Thursday, 9 August 2007

Latin and Fudge

Well, it should be fairly obvious by now that I'm back from Geek Camp! Translated a lot of Latin, ate a lot of fudge, and all in the shadow of Wells Cathedral. What with all that Latin and fudge, and the cathedral, and the pretty, pretty town, and all the oldy-worldiness, and cream teas, I was a very happy girl. I've also realised that I just can't give up Latin for good. I'm hoping I'll be allowed to sit in on the Latin Language and Reading course next year, maybe take it unofficially. I'm also hoping I might be able to sneak into the back of a few lectures in the English department which I'm missing out on because of course restrictions. It all depends on time, really. I have an astonishing knack for wasting time, and for sleeping too much, and I am planning to do Chapel every morning, the Christian Union, CU cells, Old English Reading Group, be secretary of the Classical Society and help put on the play, run the Writers' Circle, be Head of Writing in the Creative Arts Society, join the History Society, and maybe even have something resembling a social life.

In terms of vocation, things have come on quite a long way. It's actually tremendously exciting and proving to be a really joyful process. I mean, I'm beginning to see something of the future God might have planned for me and I think, wow, could I possibly be any more blessed than... well, than I thought I was already? I read on the Church of England website that if you're discerning, you need to read a lot of books about ordination, etc. I stumbled on this wonderful church in Wells called St. Cuthbert's, and they had a few books out on sale, and one was The Life and Work of a Priest by John Pritchard. So I bought that. I'm reading it now and it's very good.

I also spoke to the chaplain in the cathedral at length. He said some three very helpful things in particular:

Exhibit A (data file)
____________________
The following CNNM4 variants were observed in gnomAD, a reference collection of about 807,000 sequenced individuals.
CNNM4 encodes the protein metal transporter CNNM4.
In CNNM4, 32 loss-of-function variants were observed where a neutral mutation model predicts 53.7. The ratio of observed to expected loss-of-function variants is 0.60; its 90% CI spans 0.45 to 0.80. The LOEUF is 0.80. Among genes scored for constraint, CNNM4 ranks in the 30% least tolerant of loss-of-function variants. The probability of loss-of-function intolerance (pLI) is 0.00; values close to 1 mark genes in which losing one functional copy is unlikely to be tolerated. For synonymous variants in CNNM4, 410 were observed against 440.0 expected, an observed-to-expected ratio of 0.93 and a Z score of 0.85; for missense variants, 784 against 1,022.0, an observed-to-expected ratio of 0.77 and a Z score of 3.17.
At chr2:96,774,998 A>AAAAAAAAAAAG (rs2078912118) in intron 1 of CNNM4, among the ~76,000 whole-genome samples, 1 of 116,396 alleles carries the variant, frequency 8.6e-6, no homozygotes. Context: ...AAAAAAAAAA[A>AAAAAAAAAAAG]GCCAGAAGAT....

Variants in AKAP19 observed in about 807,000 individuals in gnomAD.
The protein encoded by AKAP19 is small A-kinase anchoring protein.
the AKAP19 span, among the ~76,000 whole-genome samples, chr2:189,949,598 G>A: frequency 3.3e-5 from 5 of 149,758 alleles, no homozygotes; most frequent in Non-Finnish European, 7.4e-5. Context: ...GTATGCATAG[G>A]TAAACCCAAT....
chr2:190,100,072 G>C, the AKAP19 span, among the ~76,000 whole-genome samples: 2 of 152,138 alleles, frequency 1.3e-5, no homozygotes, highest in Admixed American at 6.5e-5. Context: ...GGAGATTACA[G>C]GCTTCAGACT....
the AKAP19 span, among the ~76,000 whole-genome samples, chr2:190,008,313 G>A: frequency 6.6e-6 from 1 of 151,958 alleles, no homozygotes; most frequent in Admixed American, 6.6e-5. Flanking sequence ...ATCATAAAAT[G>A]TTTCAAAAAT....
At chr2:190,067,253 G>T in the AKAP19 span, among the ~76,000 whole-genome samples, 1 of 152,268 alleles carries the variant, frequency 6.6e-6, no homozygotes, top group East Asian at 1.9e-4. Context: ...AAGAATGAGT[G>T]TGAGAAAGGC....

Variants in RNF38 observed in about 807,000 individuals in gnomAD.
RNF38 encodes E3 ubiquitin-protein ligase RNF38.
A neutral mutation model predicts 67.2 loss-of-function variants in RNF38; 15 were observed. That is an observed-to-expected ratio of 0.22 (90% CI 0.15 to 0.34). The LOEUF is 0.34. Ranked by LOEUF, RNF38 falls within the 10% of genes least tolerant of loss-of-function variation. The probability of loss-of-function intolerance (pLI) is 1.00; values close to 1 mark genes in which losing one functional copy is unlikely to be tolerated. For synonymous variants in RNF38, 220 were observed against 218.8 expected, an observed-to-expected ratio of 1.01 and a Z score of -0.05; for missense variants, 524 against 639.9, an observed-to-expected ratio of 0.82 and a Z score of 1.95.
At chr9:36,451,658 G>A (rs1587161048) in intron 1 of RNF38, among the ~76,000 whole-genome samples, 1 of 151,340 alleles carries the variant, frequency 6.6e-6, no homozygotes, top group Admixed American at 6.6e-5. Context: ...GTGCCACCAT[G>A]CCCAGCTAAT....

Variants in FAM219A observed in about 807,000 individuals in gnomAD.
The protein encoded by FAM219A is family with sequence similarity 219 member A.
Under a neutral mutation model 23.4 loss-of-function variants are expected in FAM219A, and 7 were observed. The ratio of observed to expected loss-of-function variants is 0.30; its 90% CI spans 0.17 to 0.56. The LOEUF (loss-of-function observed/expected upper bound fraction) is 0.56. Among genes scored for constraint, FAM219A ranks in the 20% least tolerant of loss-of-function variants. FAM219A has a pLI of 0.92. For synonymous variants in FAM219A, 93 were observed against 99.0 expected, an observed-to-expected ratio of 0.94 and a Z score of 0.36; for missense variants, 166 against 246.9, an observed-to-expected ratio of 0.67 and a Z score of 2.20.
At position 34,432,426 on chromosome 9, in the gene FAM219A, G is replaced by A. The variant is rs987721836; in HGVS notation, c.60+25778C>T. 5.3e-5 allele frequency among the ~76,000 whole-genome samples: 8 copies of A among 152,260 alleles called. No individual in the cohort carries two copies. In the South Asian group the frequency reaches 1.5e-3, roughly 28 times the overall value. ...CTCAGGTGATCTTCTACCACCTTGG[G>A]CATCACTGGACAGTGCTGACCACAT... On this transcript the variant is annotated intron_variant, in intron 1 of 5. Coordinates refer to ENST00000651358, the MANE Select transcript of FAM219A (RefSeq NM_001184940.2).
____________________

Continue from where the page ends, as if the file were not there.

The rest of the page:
1. Imagine you're in a corridor, with closed doors on either side of you and a succession of closed doors in front. Walk ahead, opening doors as you go. You may have to push for some of them. But, in the end, if God doesn't want you to go through a door, you won't get through it. I found this so reassuring because it takes a lot of the pressure off me: I worried that I would mistakenly become ordained, when it wasn't God's will at all, just myself being fanciful.
2. The chaplain told me that, the day before his ordination, the bishop asked him if God wanted him to be a priest because he couldn't trust him as a layman!
3. The chaplain also said that he still wasn't entirely sure, after 40 years of ministry! You will never be 100% sure. Of course it needs a lot of thinking and praying and talking to other Christians about, but at some point I may just have to go for it, because God is unlikely to send down a big banner with flashing lights.

I also did quite a bit of reading while I was away. Wells is brilliant for charity shops and book shops and things. I found an antique shop, where I bought Revelations of Divine Love by Mother Julian of Norwich - a Medieval anchoress who claimed to have had a vision from God - and a book of sermons for 50p each! I found a copy of the latest Phillippa Gregory novel, The Boleyn Inheritance, for 99p as well, which I was dead pleased with. I read it in about five minutes, as I always do with Philippa Gregory, and thoroughly enjoyed it. Her Tudor books are a little samey, but samey's fine with me if I like it enough. I finished Asta's Book by Barbara Vine as well. It was a little slow to catch my attention but by the end I was captivated - it was a really good plot.

I also bought some really ancient Latin school texts for practising, a selection of poetry and a biography of Hannibal by Nepos. I mustn't let my Latin slide again. And I must start on my Old English, though there's time enough for those. I've started another new novel, just a few ideas really, about a group of Classics students at Oxford. I met so many in Wells! I've settled into what I guess you'd call "a gentle pace of life," been picking blackberries in the garden and making crumble, sewing, planning next term's schedule for Writers' Circle... but I feel a bit like I'm retired. I get so frustrated with myself for being so lethargic and getting so little done. I do actually have things to do, and I can go a whole day and achieve nothing. That's one precious day of my life gone. And I know I'll never write well, or indeed do anything well, if I continue to waste time instead of using it to learn.

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